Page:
Cerro Gordo County Iowa
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 The Globe-Gazette
Mason City, Cerro Gordo County, Iowa
February 06, 2016

Clear Lake keeps 50s spririt alive - but for how much longer?
by Courtney Fiorini

CLEAR LAKE — The Winter Dance Party wraps up Sunday, 57 years after the original event. As those who originally loved the music grow older, the Surf Ballroom may be faced with the question of how long the music festival can last.

Right now, the event is doing well with many events selling out.

It’s certainly a boost to the economy,” the Surf’s executive director Laurie Lietz said.

The key is bringing in new people to enjoy the event and get the word out.

The first memorial concert was called “The Tribute to Buddy Holly Concert” on Feb. 3, 1979. The concert marked the 20-year anniversary of the plane crash that killed Holly, Ritchie Valens, J.P. “The Big Bopper” Richardson and pilot Roger Peterson.

The event evolved into a celebration of the music of the 1950s and early 60s and expanded to a Wednesday through Sunday event.

The party has changed over the years. There are new elements like Friday’s tribute to Jerry Dwyer, the man who owned the plane. He always said he would write a book telling all he knew about the crash. Though it was not completed before his death, his wife said she will take on the responsibility of finishing it.

“I think that there will always be an interest in the event,” Lietz said. “It will have to evolve as the original fans and population grows older.”

According to Lietz, teaching children the history is the key.

“One of our favorite events is the kids show on Friday,” Lietz said. “We teach them a little about the history and we get 800 to 900 kids having a great time to old music.”

A few bands will go out to Clear Lake Middle School and Garner-Hayfield-Ventura to perform for the kids who sometimes dress up.

“Brings tears to our eyes to see them so excited and energetic,” Lietz said.

The 27th annual British Buddy Holly Society Luncheon was sold out at the Best Western. The event featured a variety of 50s and 60s music performed by British-American musicians. Every year a group makes the trip from the United Kingdom to Clear Lake for the event.

“We get people from all over and every year I try to meet somebody new,” Winter Dance Party enthusiast Bruce Atkinson, 66, said. “The British groups are so dedicated to come all this way.”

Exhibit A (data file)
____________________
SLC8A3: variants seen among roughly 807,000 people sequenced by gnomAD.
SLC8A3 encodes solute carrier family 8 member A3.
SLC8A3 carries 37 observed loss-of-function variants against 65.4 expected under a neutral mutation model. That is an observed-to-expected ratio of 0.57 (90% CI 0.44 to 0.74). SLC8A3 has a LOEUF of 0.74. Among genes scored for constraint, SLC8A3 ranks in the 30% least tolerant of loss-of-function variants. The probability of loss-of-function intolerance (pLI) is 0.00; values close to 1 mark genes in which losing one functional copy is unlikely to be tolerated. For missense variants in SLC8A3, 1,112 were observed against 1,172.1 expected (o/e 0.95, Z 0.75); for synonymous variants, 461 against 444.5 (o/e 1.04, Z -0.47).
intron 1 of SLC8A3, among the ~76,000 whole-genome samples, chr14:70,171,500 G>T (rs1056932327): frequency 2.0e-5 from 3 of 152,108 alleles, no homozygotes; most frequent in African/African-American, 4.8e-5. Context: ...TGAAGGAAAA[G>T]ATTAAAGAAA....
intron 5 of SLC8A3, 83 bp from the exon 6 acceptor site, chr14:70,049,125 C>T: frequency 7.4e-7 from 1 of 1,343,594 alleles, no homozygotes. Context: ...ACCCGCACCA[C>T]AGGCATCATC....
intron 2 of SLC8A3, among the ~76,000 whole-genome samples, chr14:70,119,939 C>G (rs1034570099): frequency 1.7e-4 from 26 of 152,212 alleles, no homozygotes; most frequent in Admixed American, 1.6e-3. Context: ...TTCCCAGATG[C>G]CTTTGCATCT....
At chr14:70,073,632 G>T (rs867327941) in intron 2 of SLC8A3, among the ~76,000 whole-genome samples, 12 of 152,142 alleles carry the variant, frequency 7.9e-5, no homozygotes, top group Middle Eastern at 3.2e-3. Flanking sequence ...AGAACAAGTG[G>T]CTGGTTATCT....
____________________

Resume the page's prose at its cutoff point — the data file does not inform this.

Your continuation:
Atkinson lives in Omaha and has been to all but three dance parties. He first attended in 1980 after a friend invited him. He and his wife have brought their daughter every year since she was 9.

“I see both a lot of new faces and a lot of the old faces,” Atkinson said. For him, it’s a reunion and a chance to see how the music had reached new people, he said. They have befriended many families over the years and go visit them through the year.

“I’m a record collector and it’s interesting to see how the music has regenerated itself and is available in new mediums,” Atkinson said.

With programs like iTunes, Apple Music, Pandora and Spotify, new generations have access to all the older music they want. Musicians are also popularizing the old sounds — artists like Lady Gaga, who’s performed with Tony Bennett, and Adele.

“I’m totally elated to see all the young kids at the sock hop,” Atkinson said. “People bring their children and they love the music, I think there’s a lot of longevity there.”

The family sock hop is the most diverse crowd. Dads and daughters, mothers and sons dancing together. Some older couples were teaching the younger kids how to jitterbug. Mark Ebeling has taken his two children, ages 6 and 8, for at least the past five years to the sock hop.

“It’s a family event for us,” Ebeling said. “It’s fun.”

Crystal Koch of Clear Lake, a friend of Ebeling family, brought her two little daughters dressed in poodle skirts out to the Winter Dance Party for the first time.

Jim and Dawn Perry came to the Surf for the first time this year from Arizona. They also renewed their wedding vows Friday.

“The cutest thing I’ve ever seen was this one little girl at the Family Sock Hop, she wasn’t much older than 2 years old and she was dancing her little heart out in that poodle skirt and big bow in her hair,” Dawn said. “It warms my heart to see all these kids enjoying themselves too and they’ll always remember this.”

What can be expected through the years for the Winter Dance Party? Original groups like Martha Reeves and the Vandellas, The Coasters and others can’t perform forever.

“We’ll have to tap into cover bands and groups who were inspired and influenced by Holly, Valens and the Big Bopper,” Lietz said.

Photographs courtesy of The Globe Gazette & Sara Becker Thome
Transcription by Sharon R. Becker, March of 2016

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